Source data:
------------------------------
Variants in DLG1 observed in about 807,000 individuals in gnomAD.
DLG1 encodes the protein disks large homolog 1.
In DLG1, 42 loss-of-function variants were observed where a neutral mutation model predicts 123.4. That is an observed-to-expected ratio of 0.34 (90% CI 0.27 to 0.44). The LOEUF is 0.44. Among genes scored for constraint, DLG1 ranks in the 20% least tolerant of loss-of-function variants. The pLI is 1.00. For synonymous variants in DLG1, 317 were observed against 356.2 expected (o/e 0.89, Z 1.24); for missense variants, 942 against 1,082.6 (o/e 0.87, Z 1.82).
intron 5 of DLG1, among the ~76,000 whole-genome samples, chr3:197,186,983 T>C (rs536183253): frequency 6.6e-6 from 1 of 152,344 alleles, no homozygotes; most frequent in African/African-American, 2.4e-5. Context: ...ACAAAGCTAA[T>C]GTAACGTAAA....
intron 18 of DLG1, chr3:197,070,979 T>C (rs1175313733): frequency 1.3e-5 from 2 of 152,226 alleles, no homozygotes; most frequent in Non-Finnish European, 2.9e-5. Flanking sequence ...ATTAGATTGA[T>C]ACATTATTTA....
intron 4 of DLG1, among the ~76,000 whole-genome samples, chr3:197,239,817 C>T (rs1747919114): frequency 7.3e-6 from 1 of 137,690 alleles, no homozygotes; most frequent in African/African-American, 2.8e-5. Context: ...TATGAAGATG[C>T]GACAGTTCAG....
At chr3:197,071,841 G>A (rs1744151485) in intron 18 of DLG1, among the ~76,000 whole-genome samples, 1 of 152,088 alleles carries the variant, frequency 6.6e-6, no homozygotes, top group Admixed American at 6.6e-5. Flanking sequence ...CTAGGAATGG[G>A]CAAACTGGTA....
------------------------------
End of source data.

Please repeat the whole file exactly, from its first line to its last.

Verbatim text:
Variants in DLG1 observed in about 807,000 individuals in gnomAD.
DLG1 encodes the protein disks large homolog 1.
In DLG1, 42 loss-of-function variants were observed where a neutral mutation model predicts 123.4. That is an observed-to-expected ratio of 0.34 (90% CI 0.27 to 0.44). The LOEUF is 0.44. Among genes scored for constraint, DLG1 ranks in the 20% least tolerant of loss-of-function variants. The pLI is 1.00. For synonymous variants in DLG1, 317 were observed against 356.2 expected (o/e 0.89, Z 1.24); for missense variants, 942 against 1,082.6 (o/e 0.87, Z 1.82).
intron 5 of DLG1, among the ~76,000 whole-genome samples, chr3:197,186,983 T>C (rs536183253): frequency 6.6e-6 from 1 of 152,344 alleles, no homozygotes; most frequent in African/African-American, 2.4e-5. Context: ...ACAAAGCTAA[T>C]GTAACGTAAA....
intron 18 of DLG1, chr3:197,070,979 T>C (rs1175313733): frequency 1.3e-5 from 2 of 152,226 alleles, no homozygotes; most frequent in Non-Finnish European, 2.9e-5. Flanking sequence ...ATTAGATTGA[T>C]ACATTATTTA....
intron 4 of DLG1, among the ~76,000 whole-genome samples, chr3:197,239,817 C>T (rs1747919114): frequency 7.3e-6 from 1 of 137,690 alleles, no homozygotes; most frequent in African/African-American, 2.8e-5. Context: ...TATGAAGATG[C>T]GACAGTTCAG....
At chr3:197,071,841 G>A (rs1744151485) in intron 18 of DLG1, among the ~76,000 whole-genome samples, 1 of 152,088 alleles carries the variant, frequency 6.6e-6, no homozygotes, top group Admixed American at 6.6e-5. Flanking sequence ...CTAGGAATGG[G>A]CAAACTGGTA....